Webpage created: February 08, 2016.
Webpage updated: February 08, 2016
GARRISON CHURCH OF SAINT MICHAEL AND SAINT GEORGE
The Garrison Church of Saint Michael and Saint George was situated on Cumberland Lawn, at Devonport, at the southern boundary of Raglan Barracks. It has been demolished.
Built around 1860, after Raglan Barracks had been completed, it was a large building in the Early Early style constructed of red brick, with Bath stone dressings. It consisted of a nave, aisles, transept, side chapel, surmounted by a turret. There was also a vestry and a small tower. The turret housed a church bell, dated 1783, cast in Flanders, that was said to have been taken from a French ship seized during the Napoleonic Wars.
The interior had graceful columns supporting moulded arches while the altar and reredos had been embellished at various times with private gifts.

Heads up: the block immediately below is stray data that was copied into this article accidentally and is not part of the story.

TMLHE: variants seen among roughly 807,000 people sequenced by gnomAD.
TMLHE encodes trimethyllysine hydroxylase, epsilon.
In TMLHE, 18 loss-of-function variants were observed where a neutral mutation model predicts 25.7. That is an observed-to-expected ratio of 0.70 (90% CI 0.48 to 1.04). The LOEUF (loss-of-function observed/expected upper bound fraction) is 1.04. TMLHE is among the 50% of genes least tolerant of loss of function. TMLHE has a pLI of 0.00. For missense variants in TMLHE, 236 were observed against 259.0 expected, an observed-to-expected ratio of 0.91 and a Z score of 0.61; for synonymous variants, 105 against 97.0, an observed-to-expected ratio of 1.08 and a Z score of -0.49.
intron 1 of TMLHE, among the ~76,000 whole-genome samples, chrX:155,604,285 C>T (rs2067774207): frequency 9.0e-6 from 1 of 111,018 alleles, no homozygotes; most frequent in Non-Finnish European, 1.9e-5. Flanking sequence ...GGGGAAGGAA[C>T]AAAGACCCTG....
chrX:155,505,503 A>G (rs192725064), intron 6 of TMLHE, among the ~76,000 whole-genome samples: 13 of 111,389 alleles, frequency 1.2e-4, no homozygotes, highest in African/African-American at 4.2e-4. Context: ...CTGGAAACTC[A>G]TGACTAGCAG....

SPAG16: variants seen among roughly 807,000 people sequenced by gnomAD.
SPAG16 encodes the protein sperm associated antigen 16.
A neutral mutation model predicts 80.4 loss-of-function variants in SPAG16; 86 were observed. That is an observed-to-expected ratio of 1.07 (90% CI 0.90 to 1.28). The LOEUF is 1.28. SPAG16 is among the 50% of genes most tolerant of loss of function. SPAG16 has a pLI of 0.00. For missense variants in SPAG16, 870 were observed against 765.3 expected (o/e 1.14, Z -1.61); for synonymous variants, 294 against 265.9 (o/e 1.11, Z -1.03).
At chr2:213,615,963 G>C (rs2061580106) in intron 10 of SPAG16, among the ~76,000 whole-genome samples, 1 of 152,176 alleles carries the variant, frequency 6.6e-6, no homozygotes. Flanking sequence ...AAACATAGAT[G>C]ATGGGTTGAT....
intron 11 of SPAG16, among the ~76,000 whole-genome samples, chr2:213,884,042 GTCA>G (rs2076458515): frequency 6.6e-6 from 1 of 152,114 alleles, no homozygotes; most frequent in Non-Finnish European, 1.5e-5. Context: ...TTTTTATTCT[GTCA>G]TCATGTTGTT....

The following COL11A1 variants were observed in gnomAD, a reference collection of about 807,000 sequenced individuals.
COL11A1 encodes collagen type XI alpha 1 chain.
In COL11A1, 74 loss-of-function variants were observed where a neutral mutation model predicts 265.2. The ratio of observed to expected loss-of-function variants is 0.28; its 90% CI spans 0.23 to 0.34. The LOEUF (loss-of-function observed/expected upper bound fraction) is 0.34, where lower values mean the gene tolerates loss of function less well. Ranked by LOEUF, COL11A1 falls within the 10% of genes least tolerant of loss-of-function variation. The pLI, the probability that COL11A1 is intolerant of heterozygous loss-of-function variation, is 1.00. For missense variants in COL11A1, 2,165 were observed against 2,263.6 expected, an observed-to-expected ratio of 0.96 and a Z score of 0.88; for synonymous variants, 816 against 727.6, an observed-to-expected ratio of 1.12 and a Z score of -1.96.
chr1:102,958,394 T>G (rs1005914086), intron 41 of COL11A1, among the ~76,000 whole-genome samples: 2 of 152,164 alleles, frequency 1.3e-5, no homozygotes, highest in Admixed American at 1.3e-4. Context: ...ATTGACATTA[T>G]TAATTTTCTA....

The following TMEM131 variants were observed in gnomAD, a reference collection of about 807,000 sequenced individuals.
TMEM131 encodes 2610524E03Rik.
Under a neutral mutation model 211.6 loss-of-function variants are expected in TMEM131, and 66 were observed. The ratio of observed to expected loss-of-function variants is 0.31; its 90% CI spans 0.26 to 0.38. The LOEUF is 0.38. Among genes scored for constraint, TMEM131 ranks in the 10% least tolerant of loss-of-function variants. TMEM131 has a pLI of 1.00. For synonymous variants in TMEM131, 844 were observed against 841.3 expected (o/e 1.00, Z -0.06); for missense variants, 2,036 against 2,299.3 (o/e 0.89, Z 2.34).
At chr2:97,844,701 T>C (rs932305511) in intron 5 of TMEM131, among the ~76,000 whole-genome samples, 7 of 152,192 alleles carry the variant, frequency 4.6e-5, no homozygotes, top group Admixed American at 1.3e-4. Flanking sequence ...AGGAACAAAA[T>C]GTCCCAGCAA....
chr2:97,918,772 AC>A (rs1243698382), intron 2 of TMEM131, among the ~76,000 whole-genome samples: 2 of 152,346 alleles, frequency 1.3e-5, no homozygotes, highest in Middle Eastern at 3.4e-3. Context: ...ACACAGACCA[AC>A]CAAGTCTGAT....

An organ was installed in 1888 by Messrs Hele and Company, of Plymouth. The cost of £300 was raised by subscriptions.
At Garrison Parade services, the chancel seats were occupied by the staff and officers of the garrison, while the troops were seated in the nave and aisles. The music would have been supplied by the regimental band. On Sunday evenings, a soldiers' choir led the signing, which would normally be accompanied by the organ but on festive occasions would be joined by the military band and drums.
Members of the public were admitted by the south door to the Sunday morning Parade service if there was any room but in the evenings the Church was freely open and only the seats for the officers would have been reserved.